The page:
False Imprisionment | Brooklyn Personal Injury Attorney


One should keep in mind that the “civil” tort (a wrongful act) of “FALSE IMPRISONMENT” is much broader than the act involved in a “false arrest” under the criminal law.   While a “false arrest” committed by a police officer will fall under the civil concept of “false imprisonment”, there are any number of other situations, not necessarily involving police or official personnel, that will also be encompassed by “false imprisonment.”

Any time a perpetrator intentionally confines the victim to a specific area, and does it against the victim’s will, that will constitute a “false imprisonment.”

One of the most frequent instances of “false imprisonment” by non-police personnel involves retail establishment security personnel.   Someone thought to have shoplifted an item is detained, only to have store personnel find out a mistake was made.
A landlord, annoyed that a tenant has not paid his rent, locks the tenant in his tenth floor apartment.  This may well constitute “false imprisonment.”   Locking the tenant out of the apartment would not.

The yardstick is determined by the mental state of the victim.  If the perpetrator tells a person they are locked into a room, and the victim has grounds to believe it, even though the room is in fact unlocked, a “false imprisonment” has occurred.   Alternatively, if the victim is asleep when the perpetrator locks the room, and the perpetrator then unlocks the room before the victim awakens, the is no “false imprisonment.”.

As in all cases that are considered potential lawsuits, the issue of the amount of injury sustained by the victim becomes important to consider.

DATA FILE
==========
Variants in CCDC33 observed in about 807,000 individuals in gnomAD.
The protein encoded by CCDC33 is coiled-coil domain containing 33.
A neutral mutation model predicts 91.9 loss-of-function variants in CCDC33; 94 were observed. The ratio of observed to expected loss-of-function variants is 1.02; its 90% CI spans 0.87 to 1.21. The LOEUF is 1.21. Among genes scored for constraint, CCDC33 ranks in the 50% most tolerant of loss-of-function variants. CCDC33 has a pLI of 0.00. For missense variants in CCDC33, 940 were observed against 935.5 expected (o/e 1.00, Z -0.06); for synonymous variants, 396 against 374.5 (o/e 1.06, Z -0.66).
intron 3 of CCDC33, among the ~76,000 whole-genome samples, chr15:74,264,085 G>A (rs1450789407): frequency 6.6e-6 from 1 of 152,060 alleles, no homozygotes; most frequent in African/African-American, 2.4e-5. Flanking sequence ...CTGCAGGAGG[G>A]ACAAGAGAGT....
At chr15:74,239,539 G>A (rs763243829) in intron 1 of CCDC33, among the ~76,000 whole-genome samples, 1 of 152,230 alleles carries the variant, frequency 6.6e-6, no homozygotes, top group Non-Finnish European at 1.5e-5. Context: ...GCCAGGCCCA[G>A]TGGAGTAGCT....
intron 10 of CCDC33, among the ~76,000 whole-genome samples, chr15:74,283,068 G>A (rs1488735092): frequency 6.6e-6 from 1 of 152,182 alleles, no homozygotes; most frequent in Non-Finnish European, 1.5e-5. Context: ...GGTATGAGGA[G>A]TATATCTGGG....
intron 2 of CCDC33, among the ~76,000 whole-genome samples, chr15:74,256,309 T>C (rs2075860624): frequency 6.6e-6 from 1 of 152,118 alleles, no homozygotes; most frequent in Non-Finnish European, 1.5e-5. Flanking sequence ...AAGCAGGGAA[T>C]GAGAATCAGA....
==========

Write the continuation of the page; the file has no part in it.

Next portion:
Police Frame Woman For Drunk Driving In Florida

False Arrest and Police Misconduct in New York happen way too often and are on the rise. Sometimes the incidents, even when caught on video, can leave room for doubt. However the latest Police Corruption and Misconduct case in Florida show some egregious acts.

Four Hollywood Police Officers are caught on tape framing a woman for drunk driving. After an officer failed to stop before rear ending the woman, they tried to cover it up.

As Reported by Janie Smith of NBC

Throughout the tape, the cops acknowledged what they are doing is illegal, but when you are the law, there is nothing wrong with bending it for a fellow cop, one says. “I don’t lie and make things up ever because it’s wrong, but if I need to bend it a little bit to protect a cop, I’ll do it,” Pressley tells Francisco after reassuring him no one will ever find out. “She’s freaking hammered anyway.”

Now, not only are the police under intense scrutiny, every single DUI arrest by the officers is under scrutiny.



Arizona v. Gant – U.S. Supreme Court

Arrest After the Search of a Vehicle
False Arrest and Probable Cause

Arizona  v.  Gant
U.S. Supreme Court–April 21, 2009

On April 21, 2009. the United States Supreme Court changed the rules which determine if there was “probable cause” sufficient to create a legal, as opposed to a “false”, arrest.